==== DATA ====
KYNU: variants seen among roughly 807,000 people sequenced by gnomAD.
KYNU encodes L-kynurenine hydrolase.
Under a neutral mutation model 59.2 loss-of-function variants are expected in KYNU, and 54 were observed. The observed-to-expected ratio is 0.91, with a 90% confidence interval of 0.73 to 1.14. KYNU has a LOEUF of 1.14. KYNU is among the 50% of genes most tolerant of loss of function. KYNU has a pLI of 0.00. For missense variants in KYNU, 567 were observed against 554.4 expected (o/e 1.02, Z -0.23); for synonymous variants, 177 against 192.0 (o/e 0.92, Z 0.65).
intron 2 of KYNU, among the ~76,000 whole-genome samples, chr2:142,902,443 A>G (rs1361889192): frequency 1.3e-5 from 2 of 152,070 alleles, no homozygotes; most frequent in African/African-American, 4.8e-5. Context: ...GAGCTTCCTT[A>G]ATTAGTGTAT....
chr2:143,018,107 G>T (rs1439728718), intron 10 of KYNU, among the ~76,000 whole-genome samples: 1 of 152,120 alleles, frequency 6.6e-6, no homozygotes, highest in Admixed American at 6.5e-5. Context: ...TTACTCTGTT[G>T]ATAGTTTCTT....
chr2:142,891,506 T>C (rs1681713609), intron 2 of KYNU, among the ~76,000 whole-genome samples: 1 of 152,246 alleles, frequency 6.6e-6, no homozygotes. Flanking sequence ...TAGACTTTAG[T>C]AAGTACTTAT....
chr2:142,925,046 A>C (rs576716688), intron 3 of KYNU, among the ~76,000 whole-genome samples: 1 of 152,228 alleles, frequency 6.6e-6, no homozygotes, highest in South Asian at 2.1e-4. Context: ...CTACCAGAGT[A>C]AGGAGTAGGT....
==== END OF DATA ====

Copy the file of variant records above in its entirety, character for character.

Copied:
KYNU: variants seen among roughly 807,000 people sequenced by gnomAD.
KYNU encodes L-kynurenine hydrolase.
Under a neutral mutation model 59.2 loss-of-function variants are expected in KYNU, and 54 were observed. The observed-to-expected ratio is 0.91, with a 90% confidence interval of 0.73 to 1.14. KYNU has a LOEUF of 1.14. KYNU is among the 50% of genes most tolerant of loss of function. KYNU has a pLI of 0.00. For missense variants in KYNU, 567 were observed against 554.4 expected (o/e 1.02, Z -0.23); for synonymous variants, 177 against 192.0 (o/e 0.92, Z 0.65).
intron 2 of KYNU, among the ~76,000 whole-genome samples, chr2:142,902,443 A>G (rs1361889192): frequency 1.3e-5 from 2 of 152,070 alleles, no homozygotes; most frequent in African/African-American, 4.8e-5. Context: ...GAGCTTCCTT[A>G]ATTAGTGTAT....
chr2:143,018,107 G>T (rs1439728718), intron 10 of KYNU, among the ~76,000 whole-genome samples: 1 of 152,120 alleles, frequency 6.6e-6, no homozygotes, highest in Admixed American at 6.5e-5. Context: ...TTACTCTGTT[G>T]ATAGTTTCTT....
chr2:142,891,506 T>C (rs1681713609), intron 2 of KYNU, among the ~76,000 whole-genome samples: 1 of 152,246 alleles, frequency 6.6e-6, no homozygotes. Flanking sequence ...TAGACTTTAG[T>C]AAGTACTTAT....
chr2:142,925,046 A>C (rs576716688), intron 3 of KYNU, among the ~76,000 whole-genome samples: 1 of 152,228 alleles, frequency 6.6e-6, no homozygotes, highest in South Asian at 2.1e-4. Context: ...CTACCAGAGT[A>C]AGGAGTAGGT....